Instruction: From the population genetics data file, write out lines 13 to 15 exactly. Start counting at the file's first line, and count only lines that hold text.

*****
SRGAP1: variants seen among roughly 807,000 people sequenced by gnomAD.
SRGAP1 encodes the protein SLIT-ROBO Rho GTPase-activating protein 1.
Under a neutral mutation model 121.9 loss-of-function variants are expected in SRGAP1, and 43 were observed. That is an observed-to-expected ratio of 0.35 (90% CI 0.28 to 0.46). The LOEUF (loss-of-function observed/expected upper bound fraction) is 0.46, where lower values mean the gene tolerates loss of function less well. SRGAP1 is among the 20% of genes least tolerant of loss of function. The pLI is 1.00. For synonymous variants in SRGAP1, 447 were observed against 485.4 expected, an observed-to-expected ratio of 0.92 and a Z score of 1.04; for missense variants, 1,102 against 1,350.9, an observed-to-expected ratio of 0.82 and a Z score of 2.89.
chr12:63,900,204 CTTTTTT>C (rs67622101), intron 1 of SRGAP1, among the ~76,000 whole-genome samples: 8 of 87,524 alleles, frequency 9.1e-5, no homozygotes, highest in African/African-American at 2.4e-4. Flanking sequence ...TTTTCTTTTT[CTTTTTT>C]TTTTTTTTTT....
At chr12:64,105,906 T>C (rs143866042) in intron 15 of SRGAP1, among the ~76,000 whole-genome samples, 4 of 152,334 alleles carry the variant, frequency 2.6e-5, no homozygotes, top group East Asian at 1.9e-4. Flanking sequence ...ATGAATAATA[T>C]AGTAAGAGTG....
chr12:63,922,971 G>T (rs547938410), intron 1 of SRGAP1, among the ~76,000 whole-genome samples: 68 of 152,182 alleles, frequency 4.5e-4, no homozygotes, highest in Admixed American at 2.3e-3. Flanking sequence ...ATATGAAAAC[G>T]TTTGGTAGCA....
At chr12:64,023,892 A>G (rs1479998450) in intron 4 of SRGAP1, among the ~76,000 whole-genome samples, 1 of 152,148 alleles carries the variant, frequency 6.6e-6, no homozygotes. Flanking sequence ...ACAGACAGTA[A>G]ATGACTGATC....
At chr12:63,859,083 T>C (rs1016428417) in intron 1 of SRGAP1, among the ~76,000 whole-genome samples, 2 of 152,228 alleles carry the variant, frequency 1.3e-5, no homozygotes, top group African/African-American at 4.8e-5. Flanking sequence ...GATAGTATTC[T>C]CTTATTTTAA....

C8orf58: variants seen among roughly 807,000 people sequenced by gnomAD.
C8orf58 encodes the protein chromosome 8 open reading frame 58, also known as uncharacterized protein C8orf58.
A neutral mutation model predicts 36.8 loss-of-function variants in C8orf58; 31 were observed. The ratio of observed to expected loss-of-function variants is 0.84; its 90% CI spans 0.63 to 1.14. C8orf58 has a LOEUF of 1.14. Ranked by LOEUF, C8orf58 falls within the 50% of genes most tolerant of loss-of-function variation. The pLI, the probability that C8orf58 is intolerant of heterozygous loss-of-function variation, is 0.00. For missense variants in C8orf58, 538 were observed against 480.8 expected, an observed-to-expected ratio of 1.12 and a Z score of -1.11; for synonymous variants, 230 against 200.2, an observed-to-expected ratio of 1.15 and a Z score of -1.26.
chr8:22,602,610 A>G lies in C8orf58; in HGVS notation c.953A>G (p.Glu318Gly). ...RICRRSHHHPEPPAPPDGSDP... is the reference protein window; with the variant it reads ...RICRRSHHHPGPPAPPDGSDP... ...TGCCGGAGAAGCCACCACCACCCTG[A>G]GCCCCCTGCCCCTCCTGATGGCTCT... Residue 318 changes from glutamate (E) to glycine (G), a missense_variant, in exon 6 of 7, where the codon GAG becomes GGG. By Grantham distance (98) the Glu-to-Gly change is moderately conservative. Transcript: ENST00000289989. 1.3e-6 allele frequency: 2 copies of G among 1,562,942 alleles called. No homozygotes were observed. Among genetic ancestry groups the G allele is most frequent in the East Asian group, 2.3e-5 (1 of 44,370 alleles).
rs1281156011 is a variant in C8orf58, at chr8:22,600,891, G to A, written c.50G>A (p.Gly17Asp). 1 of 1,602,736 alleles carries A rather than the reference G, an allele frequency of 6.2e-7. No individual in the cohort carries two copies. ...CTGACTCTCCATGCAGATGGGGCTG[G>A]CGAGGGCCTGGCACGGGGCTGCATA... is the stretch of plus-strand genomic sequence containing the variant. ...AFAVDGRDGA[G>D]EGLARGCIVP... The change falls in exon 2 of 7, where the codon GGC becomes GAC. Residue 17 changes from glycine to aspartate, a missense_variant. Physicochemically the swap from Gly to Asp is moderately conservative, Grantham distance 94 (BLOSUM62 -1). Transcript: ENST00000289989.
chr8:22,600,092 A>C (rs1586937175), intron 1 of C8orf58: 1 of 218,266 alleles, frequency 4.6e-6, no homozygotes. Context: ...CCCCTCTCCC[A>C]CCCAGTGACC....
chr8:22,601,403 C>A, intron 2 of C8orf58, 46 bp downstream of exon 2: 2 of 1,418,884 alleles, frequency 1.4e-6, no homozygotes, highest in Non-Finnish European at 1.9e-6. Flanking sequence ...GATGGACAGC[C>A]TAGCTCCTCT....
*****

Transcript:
rs1281156011 is a variant in C8orf58, at chr8:22,600,891, G to A, written c.50G>A (p.Gly17Asp). 1 of 1,602,736 alleles carries A rather than the reference G, an allele frequency of 6.2e-7. No individual in the cohort carries two copies. ...CTGACTCTCCATGCAGATGGGGCTG[G>A]CGAGGGCCTGGCACGGGGCTGCATA... is the stretch of plus-strand genomic sequence containing the variant. ...AFAVDGRDGA[G>D]EGLARGCIVP... The change falls in exon 2 of 7, where the codon GGC becomes GAC. Residue 17 changes from glycine to aspartate, a missense_variant. Physicochemically the swap from Gly to Asp is moderately conservative, Grantham distance 94 (BLOSUM62 -1). Transcript: ENST00000289989.
chr8:22,600,092 A>C (rs1586937175), intron 1 of C8orf58: 1 of 218,266 alleles, frequency 4.6e-6, no homozygotes. Context: ...CCCCTCTCCC[A>C]CCCAGTGACC....
chr8:22,601,403 C>A, intron 2 of C8orf58, 46 bp downstream of exon 2: 2 of 1,418,884 alleles, frequency 1.4e-6, no homozygotes, highest in Non-Finnish European at 1.9e-6. Flanking sequence ...GATGGACAGC[C>A]TAGCTCCTCT....